Furthermore, there is the possibility of iron contamination. This is a threat both to water supplies and also in the potential presence of metals in crops grown on mining reject dumps. TERI’s report briefly addresses the latter threat, however the results are largely inconclusive – indicating that further research into this issue is crucial. What is apparent from this report is that an excess of metals in mining dumps can accumulate in plants which can affect humans both through direct consumption and through the food chain. There are serious risks involved in re-vegetating mining dumps for local consumption and export, risks which need to be explored with closer attention in
According to the Iron Disorders Institute in the United States, iron overload can lead to chronic fatigue, joint pain, infertility, premature cessation of menstrual cycle, changes in skin colour, jaundice, abdominal pain, depression, high blood sugar, weight-loss, shortness of breath, chest pain, heart arrhythmia, depression, enlargement of spleen and elevated liver enzymes. Even mild cases of iron overload increase the risk for liver disease (cirrhosis, cancer), heart attack or heart failure, diabetes mellitus, osteoarthritis, osteoporosis, metabolic syndrome, hypothyroidism, hypogonadism, and in some cases premature death. Iron overload can also accelerate such neurodegenerative diseases as Alzheimer’s, early-onset Parkinson’s, Huntington’s, epilepsy and multiple sclerosis, while acute iron poisoning can lead to organ damage and death.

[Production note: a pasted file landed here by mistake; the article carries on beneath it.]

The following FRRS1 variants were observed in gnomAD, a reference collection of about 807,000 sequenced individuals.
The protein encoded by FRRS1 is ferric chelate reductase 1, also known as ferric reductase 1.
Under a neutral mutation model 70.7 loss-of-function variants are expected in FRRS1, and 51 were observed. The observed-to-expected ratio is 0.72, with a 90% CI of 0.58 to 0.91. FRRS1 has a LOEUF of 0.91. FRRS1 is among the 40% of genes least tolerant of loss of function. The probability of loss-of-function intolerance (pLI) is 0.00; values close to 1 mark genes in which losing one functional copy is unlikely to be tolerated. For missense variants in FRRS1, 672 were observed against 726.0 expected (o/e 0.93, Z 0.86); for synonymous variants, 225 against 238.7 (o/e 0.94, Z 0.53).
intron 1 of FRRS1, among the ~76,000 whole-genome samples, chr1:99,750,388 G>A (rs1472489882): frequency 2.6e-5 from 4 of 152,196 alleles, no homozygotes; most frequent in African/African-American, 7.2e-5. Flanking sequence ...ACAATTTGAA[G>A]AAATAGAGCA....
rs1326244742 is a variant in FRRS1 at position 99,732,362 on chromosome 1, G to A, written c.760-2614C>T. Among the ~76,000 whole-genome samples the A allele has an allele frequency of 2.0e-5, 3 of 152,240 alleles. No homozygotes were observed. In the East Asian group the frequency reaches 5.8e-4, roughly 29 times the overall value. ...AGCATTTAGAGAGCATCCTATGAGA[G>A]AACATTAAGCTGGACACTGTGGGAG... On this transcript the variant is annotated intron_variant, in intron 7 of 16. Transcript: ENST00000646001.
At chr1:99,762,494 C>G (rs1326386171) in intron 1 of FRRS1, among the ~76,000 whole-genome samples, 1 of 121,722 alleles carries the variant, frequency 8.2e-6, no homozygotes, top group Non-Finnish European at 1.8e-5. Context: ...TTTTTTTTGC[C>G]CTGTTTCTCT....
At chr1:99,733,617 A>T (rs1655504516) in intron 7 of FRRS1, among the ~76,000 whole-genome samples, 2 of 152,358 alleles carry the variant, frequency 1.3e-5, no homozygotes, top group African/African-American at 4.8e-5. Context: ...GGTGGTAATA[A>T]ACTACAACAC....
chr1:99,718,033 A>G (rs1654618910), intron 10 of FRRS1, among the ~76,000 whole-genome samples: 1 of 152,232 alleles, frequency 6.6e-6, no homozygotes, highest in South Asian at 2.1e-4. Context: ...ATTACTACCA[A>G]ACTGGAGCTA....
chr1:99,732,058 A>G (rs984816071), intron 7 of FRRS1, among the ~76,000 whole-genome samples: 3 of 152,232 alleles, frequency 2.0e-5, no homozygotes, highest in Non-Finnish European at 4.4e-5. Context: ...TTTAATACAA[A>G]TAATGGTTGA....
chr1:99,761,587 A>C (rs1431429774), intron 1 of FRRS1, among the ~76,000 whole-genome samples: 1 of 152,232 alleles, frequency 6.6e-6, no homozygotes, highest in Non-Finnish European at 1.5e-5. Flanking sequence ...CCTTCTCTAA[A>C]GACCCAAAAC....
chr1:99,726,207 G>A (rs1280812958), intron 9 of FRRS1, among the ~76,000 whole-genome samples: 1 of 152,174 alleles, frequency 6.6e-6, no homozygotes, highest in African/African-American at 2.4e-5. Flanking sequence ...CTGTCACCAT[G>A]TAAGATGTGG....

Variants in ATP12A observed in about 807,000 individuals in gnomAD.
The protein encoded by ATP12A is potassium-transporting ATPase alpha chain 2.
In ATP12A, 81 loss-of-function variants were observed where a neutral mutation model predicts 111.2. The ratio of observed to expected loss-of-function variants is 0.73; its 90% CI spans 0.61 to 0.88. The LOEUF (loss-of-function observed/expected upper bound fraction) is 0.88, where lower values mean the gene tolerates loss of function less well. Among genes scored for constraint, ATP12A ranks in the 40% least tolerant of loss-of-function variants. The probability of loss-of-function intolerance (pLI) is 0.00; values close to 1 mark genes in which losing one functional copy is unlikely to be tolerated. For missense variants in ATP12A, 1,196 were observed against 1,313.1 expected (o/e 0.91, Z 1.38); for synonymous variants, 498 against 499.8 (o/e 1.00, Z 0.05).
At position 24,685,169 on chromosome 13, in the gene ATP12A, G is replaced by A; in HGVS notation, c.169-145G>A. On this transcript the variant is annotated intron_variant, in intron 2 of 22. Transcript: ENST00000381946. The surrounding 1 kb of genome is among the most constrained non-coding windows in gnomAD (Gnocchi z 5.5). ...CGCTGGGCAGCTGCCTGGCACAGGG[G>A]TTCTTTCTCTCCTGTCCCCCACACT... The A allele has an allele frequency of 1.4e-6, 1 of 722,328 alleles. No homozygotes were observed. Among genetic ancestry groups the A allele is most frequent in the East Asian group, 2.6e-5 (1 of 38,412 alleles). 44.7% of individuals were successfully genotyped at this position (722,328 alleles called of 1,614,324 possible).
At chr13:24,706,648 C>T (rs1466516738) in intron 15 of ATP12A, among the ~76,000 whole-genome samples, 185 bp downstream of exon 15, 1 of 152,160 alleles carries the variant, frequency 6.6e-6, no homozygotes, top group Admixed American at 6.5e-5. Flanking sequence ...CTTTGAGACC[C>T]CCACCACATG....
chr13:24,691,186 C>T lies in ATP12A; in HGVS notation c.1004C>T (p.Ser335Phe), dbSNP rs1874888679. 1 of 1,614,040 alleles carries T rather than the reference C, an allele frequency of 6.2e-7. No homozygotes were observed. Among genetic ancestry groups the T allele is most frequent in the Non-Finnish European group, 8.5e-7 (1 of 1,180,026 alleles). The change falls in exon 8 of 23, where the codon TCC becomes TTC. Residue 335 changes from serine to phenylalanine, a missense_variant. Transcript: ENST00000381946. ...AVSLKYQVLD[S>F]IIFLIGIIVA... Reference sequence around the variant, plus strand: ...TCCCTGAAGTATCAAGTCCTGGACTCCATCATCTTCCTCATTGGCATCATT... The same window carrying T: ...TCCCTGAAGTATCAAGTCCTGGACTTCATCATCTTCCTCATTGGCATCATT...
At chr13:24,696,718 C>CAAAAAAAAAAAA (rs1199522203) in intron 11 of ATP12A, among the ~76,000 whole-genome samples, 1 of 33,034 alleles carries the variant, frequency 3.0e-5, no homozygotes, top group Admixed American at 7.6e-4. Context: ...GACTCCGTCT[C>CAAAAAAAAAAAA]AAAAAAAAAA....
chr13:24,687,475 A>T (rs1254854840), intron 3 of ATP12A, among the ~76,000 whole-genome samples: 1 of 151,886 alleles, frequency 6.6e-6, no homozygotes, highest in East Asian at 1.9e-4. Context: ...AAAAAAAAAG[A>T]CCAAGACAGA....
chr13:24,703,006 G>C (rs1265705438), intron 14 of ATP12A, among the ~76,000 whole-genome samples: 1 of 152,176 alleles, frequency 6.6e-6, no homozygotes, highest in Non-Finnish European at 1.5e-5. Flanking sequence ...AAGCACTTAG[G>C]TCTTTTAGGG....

A third potential threat to the safety of water is arsenic poisoning. As per the 2008 report, ‘
The most important remedial action to prevent chronic arsenic poisoning is the provision of safe drinking-water. The cost and difficulty of reducing arsenic in drinking-water increases as the targeted concentration lowers, and the technology for measurement of arsenic in drinking-water at levels relevant to health, as well as the removal of arsenic from the water supply is costly and requires technical expertise.